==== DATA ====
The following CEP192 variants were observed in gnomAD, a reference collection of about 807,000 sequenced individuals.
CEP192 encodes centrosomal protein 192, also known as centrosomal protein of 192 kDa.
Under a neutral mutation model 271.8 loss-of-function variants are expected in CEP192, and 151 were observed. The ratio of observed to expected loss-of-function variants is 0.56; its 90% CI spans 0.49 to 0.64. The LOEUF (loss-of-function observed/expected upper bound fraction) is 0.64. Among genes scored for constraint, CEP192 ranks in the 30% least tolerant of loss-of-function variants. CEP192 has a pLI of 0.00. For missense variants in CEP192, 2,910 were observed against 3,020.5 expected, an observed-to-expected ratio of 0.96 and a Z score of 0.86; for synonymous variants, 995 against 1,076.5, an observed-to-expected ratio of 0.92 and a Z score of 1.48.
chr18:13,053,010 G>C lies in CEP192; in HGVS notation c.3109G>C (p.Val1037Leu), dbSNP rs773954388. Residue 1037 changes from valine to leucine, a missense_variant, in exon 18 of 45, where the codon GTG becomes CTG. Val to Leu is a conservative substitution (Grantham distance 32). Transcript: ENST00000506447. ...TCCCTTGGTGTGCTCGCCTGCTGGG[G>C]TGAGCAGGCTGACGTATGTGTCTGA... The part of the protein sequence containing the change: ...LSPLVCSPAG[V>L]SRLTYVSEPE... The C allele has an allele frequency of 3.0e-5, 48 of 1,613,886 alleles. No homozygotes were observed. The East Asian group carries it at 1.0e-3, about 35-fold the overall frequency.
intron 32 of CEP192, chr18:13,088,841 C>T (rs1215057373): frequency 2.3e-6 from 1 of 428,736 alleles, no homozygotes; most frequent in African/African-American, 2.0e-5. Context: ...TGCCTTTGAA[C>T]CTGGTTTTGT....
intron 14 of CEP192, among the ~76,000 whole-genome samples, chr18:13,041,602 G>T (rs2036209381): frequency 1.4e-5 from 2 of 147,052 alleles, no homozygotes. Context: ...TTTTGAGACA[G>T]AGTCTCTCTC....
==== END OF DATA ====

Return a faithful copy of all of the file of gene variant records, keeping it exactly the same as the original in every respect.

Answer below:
The following CEP192 variants were observed in gnomAD, a reference collection of about 807,000 sequenced individuals.
CEP192 encodes centrosomal protein 192, also known as centrosomal protein of 192 kDa.
Under a neutral mutation model 271.8 loss-of-function variants are expected in CEP192, and 151 were observed. The ratio of observed to expected loss-of-function variants is 0.56; its 90% CI spans 0.49 to 0.64. The LOEUF (loss-of-function observed/expected upper bound fraction) is 0.64. Among genes scored for constraint, CEP192 ranks in the 30% least tolerant of loss-of-function variants. CEP192 has a pLI of 0.00. For missense variants in CEP192, 2,910 were observed against 3,020.5 expected, an observed-to-expected ratio of 0.96 and a Z score of 0.86; for synonymous variants, 995 against 1,076.5, an observed-to-expected ratio of 0.92 and a Z score of 1.48.
chr18:13,053,010 G>C lies in CEP192; in HGVS notation c.3109G>C (p.Val1037Leu), dbSNP rs773954388. Residue 1037 changes from valine to leucine, a missense_variant, in exon 18 of 45, where the codon GTG becomes CTG. Val to Leu is a conservative substitution (Grantham distance 32). Transcript: ENST00000506447. ...TCCCTTGGTGTGCTCGCCTGCTGGG[G>C]TGAGCAGGCTGACGTATGTGTCTGA... The part of the protein sequence containing the change: ...LSPLVCSPAG[V>L]SRLTYVSEPE... The C allele has an allele frequency of 3.0e-5, 48 of 1,613,886 alleles. No homozygotes were observed. The East Asian group carries it at 1.0e-3, about 35-fold the overall frequency.
intron 32 of CEP192, chr18:13,088,841 C>T (rs1215057373): frequency 2.3e-6 from 1 of 428,736 alleles, no homozygotes; most frequent in African/African-American, 2.0e-5. Context: ...TGCCTTTGAA[C>T]CTGGTTTTGT....
intron 14 of CEP192, among the ~76,000 whole-genome samples, chr18:13,041,602 G>T (rs2036209381): frequency 1.4e-5 from 2 of 147,052 alleles, no homozygotes. Context: ...TTTTGAGACA[G>T]AGTCTCTCTC....